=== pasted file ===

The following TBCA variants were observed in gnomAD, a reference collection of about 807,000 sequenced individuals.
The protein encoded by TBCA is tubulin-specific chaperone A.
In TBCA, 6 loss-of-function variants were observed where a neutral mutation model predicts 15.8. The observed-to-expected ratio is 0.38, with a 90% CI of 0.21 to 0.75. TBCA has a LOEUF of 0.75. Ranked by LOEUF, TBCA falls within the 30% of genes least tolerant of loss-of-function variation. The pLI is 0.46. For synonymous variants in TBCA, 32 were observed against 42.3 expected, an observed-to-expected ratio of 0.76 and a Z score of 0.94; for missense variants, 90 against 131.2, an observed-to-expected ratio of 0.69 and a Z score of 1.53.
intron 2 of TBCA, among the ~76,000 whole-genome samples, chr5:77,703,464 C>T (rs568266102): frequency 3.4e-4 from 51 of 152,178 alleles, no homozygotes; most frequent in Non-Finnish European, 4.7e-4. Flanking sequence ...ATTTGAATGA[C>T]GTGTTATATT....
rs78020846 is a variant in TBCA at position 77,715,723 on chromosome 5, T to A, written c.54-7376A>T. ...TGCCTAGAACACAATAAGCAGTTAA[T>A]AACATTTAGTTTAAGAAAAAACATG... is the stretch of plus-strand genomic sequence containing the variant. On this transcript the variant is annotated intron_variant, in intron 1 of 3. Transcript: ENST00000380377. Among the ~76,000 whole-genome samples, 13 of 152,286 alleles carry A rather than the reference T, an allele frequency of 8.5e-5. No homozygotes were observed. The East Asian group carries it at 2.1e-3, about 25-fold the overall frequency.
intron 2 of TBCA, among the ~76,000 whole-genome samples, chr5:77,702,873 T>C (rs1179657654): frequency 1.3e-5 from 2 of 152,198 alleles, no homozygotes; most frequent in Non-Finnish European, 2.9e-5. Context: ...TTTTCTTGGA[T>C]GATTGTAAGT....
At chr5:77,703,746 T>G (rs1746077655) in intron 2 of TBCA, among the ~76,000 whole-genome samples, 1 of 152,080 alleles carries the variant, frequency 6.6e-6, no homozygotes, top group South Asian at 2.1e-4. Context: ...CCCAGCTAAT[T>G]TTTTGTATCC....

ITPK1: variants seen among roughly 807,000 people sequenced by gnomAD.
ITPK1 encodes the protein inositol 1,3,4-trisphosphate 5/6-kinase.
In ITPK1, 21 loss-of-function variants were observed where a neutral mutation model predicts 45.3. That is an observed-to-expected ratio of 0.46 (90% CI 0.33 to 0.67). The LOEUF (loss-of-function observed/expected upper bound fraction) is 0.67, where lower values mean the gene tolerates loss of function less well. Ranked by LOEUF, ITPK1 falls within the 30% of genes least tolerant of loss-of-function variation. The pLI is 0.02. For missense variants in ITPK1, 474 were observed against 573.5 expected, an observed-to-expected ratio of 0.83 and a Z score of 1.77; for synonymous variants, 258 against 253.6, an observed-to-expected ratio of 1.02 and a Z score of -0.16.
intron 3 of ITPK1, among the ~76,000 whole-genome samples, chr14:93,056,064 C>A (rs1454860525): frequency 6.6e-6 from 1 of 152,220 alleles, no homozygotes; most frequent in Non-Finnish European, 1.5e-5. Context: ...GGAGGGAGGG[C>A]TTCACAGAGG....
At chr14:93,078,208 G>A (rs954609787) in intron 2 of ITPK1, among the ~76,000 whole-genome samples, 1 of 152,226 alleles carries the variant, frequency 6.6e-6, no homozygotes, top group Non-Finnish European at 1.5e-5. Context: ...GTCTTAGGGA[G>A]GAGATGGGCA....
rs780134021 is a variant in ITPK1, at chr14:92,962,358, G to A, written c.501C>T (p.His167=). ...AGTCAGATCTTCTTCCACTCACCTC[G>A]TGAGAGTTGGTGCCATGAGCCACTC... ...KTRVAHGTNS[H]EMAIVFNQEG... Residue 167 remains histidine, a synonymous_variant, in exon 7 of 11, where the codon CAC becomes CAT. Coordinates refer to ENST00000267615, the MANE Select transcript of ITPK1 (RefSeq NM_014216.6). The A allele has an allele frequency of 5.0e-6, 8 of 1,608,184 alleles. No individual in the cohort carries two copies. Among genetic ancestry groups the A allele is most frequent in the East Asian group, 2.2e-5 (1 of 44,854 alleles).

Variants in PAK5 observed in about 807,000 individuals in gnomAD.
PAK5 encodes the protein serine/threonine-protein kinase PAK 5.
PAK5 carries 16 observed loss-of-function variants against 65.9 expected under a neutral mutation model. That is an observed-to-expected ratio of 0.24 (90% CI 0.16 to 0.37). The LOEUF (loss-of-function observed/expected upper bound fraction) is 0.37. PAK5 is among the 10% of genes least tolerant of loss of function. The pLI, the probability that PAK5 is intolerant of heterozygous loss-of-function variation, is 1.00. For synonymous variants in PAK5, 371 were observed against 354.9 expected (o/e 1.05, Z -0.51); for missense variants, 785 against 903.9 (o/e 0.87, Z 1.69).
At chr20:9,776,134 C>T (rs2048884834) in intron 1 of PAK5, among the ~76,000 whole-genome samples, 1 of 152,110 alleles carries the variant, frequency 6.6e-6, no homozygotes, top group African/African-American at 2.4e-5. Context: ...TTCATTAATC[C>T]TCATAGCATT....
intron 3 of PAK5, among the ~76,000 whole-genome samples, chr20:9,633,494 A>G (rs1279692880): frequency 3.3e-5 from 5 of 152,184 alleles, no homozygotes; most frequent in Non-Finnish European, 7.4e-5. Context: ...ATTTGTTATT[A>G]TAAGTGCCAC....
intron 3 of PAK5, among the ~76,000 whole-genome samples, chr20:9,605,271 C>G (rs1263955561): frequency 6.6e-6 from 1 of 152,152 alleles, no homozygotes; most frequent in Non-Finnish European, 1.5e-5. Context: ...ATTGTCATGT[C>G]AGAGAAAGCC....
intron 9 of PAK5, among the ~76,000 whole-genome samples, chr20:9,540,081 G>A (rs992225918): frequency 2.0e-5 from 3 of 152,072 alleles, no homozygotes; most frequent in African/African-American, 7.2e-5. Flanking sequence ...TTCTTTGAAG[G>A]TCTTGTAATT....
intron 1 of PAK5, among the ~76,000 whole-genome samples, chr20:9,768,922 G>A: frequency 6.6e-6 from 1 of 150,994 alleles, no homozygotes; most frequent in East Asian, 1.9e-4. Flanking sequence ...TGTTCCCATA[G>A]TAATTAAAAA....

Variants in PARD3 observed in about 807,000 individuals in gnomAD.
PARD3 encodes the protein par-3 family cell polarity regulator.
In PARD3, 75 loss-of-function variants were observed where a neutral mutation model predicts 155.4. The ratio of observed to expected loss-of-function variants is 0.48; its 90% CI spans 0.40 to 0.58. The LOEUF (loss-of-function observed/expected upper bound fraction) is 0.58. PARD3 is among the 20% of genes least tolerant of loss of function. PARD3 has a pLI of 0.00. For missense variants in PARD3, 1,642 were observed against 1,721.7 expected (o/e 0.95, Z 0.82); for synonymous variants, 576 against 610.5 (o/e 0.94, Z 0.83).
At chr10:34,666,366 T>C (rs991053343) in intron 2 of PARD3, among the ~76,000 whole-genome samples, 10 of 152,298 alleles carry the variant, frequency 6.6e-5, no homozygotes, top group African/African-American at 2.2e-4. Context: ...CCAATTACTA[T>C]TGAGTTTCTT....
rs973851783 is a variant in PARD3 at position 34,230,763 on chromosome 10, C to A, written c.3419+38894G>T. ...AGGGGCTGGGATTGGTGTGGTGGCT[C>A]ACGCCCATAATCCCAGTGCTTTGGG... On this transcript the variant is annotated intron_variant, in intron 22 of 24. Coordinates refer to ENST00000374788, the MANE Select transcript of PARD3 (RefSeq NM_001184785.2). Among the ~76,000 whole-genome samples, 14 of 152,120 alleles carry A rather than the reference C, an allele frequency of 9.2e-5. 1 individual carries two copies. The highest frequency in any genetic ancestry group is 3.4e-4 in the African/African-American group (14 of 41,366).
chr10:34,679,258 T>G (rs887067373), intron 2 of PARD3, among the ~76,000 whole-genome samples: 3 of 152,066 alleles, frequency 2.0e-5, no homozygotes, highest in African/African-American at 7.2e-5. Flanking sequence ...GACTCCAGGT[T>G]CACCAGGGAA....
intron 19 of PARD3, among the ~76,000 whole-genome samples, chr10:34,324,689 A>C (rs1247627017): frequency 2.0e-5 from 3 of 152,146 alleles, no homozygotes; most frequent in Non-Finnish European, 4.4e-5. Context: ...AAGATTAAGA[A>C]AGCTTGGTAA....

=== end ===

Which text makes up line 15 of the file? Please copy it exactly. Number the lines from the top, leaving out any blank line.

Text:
PAK5 encodes the protein serine/threonine-protein kinase PAK 5.